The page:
Monday, October 3, 2011

The evolving nature of intellectual freedom

When I began my work as a school librarian, I believed standing against censorship was the most fundamental tenent of our profession. I did a big banned books research project with some English classes, and intellectual freedom was at the center of much of my earliest writing and presenting.

But I have been thinking about the elimination of school librarians and school libraries as another, more insidiuous form of limiting our students' access to information. And I chalked up another roadblock over the weekend. I got to speak to the Kentucky School Media Association, and my suggestion that we read a book each day was met with some disbelief. What can I read everyday? Well, somedays it's adult books, some days YA, somedays nonfiction, but I do average a book a day. Where do I read? Well, not at school, which seemed to be the anticipated answer. But think about it. If we aren't modeling reading daily, and we aren't getting to know our collections to connect them to both student readers and curriculum support, isn't that information as good as banned? As librarians, we alone can make the connection between the materials and the readers which enables real intellectual freedom, or so I would like to think.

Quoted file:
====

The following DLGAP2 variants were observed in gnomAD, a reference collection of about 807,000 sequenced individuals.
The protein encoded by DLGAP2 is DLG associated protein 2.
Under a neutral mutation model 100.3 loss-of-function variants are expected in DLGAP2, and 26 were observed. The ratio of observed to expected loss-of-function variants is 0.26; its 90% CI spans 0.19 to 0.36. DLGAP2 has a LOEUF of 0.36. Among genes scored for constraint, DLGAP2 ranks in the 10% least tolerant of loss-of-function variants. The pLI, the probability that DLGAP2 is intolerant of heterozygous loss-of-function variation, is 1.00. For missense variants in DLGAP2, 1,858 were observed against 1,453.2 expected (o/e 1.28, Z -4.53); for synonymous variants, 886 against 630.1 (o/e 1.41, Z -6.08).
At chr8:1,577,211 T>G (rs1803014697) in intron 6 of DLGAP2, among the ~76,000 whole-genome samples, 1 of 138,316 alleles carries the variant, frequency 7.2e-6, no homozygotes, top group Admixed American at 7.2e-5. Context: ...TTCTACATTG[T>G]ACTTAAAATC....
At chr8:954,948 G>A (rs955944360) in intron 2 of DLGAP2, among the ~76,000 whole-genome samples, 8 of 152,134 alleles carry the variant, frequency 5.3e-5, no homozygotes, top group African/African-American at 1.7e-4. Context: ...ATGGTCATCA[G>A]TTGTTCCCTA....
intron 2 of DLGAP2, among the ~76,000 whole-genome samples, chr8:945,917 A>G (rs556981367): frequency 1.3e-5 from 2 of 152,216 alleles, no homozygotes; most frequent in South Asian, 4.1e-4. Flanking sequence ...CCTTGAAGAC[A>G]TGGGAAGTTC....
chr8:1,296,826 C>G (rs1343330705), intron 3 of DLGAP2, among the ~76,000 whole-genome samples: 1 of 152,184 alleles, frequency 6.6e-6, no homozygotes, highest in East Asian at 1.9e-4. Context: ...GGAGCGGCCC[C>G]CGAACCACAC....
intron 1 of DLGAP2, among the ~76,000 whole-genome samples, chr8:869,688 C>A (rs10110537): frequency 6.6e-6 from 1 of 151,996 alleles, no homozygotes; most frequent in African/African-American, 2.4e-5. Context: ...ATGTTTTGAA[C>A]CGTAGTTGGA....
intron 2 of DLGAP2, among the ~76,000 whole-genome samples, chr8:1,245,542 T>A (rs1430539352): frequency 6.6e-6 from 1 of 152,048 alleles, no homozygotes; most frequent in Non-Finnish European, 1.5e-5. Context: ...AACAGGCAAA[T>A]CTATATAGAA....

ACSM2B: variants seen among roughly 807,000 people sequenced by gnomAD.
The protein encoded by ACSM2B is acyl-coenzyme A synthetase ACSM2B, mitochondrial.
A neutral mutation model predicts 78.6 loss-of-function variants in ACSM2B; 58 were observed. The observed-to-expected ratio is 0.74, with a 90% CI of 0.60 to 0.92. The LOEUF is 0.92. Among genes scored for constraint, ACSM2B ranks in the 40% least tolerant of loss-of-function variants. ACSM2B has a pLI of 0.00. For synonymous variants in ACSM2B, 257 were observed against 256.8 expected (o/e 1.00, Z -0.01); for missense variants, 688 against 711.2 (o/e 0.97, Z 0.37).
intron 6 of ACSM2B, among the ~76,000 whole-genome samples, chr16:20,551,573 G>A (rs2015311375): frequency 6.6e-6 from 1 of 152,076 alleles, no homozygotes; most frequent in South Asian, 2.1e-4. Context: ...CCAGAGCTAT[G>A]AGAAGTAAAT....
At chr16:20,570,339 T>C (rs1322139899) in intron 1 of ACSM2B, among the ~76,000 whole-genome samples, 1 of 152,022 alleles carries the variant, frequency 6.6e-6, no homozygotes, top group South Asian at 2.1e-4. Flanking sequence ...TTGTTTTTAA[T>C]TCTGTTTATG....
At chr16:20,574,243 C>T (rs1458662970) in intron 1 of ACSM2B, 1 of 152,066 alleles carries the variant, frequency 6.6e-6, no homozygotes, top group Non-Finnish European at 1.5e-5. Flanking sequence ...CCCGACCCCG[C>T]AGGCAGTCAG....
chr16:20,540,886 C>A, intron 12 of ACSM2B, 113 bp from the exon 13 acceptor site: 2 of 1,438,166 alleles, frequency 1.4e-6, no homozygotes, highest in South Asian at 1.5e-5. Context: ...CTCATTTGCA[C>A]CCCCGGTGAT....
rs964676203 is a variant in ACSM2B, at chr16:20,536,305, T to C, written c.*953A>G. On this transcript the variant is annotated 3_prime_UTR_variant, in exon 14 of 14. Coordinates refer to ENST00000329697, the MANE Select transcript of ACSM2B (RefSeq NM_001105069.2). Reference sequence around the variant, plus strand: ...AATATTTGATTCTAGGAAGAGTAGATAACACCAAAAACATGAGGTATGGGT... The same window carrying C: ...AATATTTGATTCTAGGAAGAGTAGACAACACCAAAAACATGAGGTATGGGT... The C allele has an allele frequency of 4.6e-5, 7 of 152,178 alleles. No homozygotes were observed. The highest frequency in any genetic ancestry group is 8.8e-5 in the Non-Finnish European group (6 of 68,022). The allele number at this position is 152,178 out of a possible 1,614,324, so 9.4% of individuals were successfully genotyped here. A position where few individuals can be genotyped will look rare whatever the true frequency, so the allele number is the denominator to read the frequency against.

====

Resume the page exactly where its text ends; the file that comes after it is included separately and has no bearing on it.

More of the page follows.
And, as Banned Websites Awareness Day highlighted, access to information is more complex in a digital environment. Equity issues still plague us. I am anticipating some of the multimedia files in the ebooks I have bought from Amazon will work with the new $199 Kindle Fire, but what about with their $79 entry-level e-ink reader?

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